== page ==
For example, when I went to Tahoe last year, I had 0 issues riding the terrain other than experiencing my first real epic pow day. Even then, I picked up pow riding in a snap. The only daunting thing out west was the vert (lung killer) and steep runs (scary). Didn't catch an edge or wash out any of the 3 days I rode there. Felt great.

Learning to ride bad snow makes you a much better rider on good snow.
04-02-2012 02:19 AM
jdang307 I just conquered this at squaw last week (and alpine). Snowolf hit the nail on the head, again. Instead of trying to cut through it (I couldn't) I figured out, you gotta ride on top of it. It was soft, not iced over (it did get iced over towards the end of the day and I then proceeded to eat snow).

I don't point it straight down, but at a slight angle, usually toe side because I feel more comfortable. Then really really really loose legs. Bent at the knees, back straight. Other than the occasional launch, My torso almost stays the same while my legs act as suspension absorbing all of the bumps and mounds. It was the fastest I ever went on such terrain and was a real confidence booster.

I bled off speed with the occasional toe side skid (probably not protocol but that's what I did). It's pretty exhilarating when you figure it out. After my 3rd year, I finally did.

Out of necessity. My legs were too fucking tired trying to navigate steep terrain with choppy snow. I was being a pussy and braking every few seconds. My legs literally burned and my knee was getting shot and I was a long way from base. So I sucked it up and pointed it down.
03-26-2012 01:19 PM
Intheshit yeah, i guess say there is a chunk in front of you, what you want to do is turn on the very top of that chunk, to do that you are going to suck your knees up and rotate , then push back down to regain control. it just feels more slippery.

- think about rotating on the very center of your board as well.
03-26-2012 01:13 PM
Intheshit sliding turns with lots of unweighting. unweighting is like making your feet lighter as you perform the slide, gives you a sort of "tricky" feel to regular riding. Cant give a detailed verbal instruction on it at this time. just think about sucking up the chunky parts and finding a nice spot to dig in afterwords. Gives you a sort of floaty up down up down up down feeling when you ride , rhythm.

and yeah, im a tree line guy myself, nice tight turns down the fresh stuff because most people are afraid of losing it to a trunk. *shrug* dont blame any concussions on me.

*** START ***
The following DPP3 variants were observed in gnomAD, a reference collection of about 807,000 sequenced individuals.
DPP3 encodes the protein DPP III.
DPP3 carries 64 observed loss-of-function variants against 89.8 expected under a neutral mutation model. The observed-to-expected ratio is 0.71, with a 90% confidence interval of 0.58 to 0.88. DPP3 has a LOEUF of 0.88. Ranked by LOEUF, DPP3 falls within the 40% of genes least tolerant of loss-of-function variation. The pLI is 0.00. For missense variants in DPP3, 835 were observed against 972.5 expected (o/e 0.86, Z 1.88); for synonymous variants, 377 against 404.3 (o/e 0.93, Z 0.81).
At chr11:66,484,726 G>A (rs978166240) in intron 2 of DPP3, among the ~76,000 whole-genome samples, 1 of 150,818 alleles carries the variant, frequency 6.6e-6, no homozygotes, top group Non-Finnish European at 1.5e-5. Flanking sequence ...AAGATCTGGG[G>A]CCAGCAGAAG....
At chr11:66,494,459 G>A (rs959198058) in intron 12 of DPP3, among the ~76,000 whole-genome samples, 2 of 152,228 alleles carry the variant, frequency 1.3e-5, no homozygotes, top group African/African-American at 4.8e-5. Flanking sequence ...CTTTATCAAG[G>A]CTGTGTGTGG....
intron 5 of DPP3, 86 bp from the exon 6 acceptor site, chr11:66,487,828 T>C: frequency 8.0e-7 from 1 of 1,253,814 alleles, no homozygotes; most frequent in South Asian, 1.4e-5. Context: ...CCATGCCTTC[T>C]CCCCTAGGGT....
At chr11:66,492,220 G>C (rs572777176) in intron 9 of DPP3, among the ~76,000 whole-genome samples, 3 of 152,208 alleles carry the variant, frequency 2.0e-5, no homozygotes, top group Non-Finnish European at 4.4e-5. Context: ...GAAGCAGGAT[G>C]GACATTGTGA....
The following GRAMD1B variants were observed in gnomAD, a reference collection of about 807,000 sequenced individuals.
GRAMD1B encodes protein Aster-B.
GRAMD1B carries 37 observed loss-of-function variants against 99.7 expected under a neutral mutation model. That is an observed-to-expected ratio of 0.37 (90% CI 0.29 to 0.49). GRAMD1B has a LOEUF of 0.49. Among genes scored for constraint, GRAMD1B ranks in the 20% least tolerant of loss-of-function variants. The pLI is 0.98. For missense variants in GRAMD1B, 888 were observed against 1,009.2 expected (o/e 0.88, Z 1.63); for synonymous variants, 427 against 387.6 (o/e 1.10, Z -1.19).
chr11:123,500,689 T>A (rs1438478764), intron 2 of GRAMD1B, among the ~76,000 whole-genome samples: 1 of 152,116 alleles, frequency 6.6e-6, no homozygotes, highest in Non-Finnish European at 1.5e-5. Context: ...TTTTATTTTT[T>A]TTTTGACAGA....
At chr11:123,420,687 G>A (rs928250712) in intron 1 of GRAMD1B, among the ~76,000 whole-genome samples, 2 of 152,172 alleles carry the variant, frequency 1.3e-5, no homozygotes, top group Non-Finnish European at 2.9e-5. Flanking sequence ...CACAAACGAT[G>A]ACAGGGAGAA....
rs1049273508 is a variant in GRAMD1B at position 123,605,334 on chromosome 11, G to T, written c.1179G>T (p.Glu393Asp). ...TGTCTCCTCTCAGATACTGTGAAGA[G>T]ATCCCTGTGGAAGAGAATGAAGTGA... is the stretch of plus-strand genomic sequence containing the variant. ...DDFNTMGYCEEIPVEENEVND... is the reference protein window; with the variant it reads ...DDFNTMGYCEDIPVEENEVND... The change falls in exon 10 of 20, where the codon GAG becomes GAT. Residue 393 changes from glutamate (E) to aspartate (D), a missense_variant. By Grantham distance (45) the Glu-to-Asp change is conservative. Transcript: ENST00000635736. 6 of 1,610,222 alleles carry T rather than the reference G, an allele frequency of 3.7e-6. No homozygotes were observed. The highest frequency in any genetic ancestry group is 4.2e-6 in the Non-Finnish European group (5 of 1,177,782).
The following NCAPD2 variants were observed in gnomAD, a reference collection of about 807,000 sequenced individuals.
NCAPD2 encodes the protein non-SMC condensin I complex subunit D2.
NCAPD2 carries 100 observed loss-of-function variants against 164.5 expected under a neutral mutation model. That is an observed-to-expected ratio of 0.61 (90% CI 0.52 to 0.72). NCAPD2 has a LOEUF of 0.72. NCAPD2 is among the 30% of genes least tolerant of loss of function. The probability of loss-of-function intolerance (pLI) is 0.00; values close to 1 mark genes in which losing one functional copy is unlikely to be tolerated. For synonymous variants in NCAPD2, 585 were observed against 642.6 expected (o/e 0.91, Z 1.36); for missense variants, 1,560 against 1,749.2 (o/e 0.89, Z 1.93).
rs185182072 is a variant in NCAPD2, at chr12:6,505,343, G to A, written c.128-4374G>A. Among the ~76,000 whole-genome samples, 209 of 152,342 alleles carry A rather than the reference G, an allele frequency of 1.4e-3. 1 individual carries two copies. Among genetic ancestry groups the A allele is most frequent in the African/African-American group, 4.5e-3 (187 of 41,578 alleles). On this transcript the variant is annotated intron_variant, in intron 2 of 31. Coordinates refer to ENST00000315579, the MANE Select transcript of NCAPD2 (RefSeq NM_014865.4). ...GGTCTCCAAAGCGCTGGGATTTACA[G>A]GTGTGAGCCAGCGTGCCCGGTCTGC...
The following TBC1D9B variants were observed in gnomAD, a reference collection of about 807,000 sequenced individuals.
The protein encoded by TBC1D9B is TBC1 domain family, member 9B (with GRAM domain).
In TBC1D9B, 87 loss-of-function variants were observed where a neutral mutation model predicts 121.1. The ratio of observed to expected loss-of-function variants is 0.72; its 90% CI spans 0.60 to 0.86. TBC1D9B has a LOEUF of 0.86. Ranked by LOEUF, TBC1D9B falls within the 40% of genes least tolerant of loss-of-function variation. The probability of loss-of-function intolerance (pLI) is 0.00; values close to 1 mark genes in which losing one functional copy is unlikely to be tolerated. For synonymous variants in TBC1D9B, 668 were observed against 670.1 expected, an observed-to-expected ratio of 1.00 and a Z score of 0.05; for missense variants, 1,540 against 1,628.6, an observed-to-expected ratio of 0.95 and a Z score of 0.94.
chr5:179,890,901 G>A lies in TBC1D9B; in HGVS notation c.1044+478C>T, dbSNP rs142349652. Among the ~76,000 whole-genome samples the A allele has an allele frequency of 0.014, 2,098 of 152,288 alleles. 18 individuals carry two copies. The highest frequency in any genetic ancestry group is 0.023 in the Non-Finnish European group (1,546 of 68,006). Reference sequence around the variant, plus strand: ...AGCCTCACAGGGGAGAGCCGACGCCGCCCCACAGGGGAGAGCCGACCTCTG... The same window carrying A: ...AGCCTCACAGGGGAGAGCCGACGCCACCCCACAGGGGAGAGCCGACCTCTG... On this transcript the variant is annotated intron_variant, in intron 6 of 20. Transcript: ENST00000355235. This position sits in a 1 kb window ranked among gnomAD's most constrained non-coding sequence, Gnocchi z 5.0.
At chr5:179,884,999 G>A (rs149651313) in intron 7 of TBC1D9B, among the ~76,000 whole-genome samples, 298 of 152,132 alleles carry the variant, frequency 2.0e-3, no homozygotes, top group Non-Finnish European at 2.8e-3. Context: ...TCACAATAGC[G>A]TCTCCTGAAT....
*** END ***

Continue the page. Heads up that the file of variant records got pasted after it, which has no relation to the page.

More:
03-26-2012 09:10 AM
snowklinger
Quote:
Originally Posted by Snowolf View Post
And an important thing to remember when riding conditions like this is it really makes you a better rider. You may not think so at the time but where you notice it is when you go back out and ride on a good day. That's when you get the " wow" moment.
My whole season has been practice for the good days (not this year).
03-26-2012 09:00 AM
D1CKER1
Quote:
Originally Posted by Snowolf View Post
And an important thing to remember when riding conditions like this is it really makes you a better rider. You may not think so at the time but where you notice it is when you go back out and ride on a good day. That's when you get the " wow" moment.
Agree.
I've been used to riding groomed surfaces. With the occasional
Powder. And like you said I don't turn away from the mountain
If conditions are shitty
03-26-2012 08:24 AM
poutanen
Quote:
Originally Posted by Snowolf View Post
And an important thing to remember when riding conditions like this is it really makes you a better rider. You may not think so at the time but where you notice it is when you go back out and ride on a good day. That's when you get the " wow" moment.
Yeah this is another reason I'll ride through anything (and I encourage my GF to as well). I'd rather ride through choppy snow than hard pack groomed ice anyway! At least chop is predictable.

Plus most of the glades I've been in get choppy about half a day after a snowfall, so if you want to play in the trees, you gotta be able to handle the bumps.